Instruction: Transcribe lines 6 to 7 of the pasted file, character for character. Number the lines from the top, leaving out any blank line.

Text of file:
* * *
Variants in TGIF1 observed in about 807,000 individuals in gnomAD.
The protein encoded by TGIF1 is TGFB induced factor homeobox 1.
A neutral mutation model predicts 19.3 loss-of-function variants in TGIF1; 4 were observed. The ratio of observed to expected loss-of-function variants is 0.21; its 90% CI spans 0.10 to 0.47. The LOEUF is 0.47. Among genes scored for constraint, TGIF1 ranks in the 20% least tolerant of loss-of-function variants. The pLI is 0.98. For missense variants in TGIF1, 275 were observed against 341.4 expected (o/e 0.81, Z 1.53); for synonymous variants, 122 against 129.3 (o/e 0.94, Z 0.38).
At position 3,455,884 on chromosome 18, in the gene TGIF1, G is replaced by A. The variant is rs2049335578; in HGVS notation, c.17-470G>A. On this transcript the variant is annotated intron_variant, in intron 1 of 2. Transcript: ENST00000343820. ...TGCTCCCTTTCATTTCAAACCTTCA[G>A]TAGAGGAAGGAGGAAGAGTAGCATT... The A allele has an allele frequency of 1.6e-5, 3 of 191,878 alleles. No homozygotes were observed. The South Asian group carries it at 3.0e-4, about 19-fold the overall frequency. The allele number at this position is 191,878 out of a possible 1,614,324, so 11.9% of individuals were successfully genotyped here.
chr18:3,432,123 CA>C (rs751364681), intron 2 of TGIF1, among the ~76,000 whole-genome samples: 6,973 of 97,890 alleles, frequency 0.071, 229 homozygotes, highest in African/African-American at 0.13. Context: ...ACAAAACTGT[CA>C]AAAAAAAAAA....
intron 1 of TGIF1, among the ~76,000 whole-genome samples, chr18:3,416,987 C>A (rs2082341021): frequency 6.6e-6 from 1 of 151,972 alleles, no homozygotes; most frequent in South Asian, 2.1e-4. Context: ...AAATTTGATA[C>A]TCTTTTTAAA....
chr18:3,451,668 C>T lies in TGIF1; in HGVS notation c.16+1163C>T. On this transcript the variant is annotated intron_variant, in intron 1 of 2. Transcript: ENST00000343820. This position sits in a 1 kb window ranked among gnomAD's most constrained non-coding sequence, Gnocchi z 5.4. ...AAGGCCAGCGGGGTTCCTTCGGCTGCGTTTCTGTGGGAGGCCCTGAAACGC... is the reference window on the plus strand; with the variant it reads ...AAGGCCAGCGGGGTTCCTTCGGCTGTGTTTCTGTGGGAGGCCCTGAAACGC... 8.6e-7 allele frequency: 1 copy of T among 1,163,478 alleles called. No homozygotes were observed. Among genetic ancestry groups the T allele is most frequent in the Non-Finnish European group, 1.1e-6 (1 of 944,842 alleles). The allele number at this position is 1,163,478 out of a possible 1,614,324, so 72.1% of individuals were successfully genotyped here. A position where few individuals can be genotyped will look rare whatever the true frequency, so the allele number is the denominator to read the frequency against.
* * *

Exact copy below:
intron 1 of TGIF1, among the ~76,000 whole-genome samples, chr18:3,416,987 C>A (rs2082341021): frequency 6.6e-6 from 1 of 151,972 alleles, no homozygotes; most frequent in South Asian, 2.1e-4. Context: ...AAATTTGATA[C>A]TCTTTTTAAA....
chr18:3,451,668 C>T lies in TGIF1; in HGVS notation c.16+1163C>T. On this transcript the variant is annotated intron_variant, in intron 1 of 2. Transcript: ENST00000343820. This position sits in a 1 kb window ranked among gnomAD's most constrained non-coding sequence, Gnocchi z 5.4. ...AAGGCCAGCGGGGTTCCTTCGGCTGCGTTTCTGTGGGAGGCCCTGAAACGC... is the reference window on the plus strand; with the variant it reads ...AAGGCCAGCGGGGTTCCTTCGGCTGTGTTTCTGTGGGAGGCCCTGAAACGC... 8.6e-7 allele frequency: 1 copy of T among 1,163,478 alleles called. No homozygotes were observed. Among genetic ancestry groups the T allele is most frequent in the Non-Finnish European group, 1.1e-6 (1 of 944,842 alleles). The allele number at this position is 1,163,478 out of a possible 1,614,324, so 72.1% of individuals were successfully genotyped here. A position where few individuals can be genotyped will look rare whatever the true frequency, so the allele number is the denominator to read the frequency against.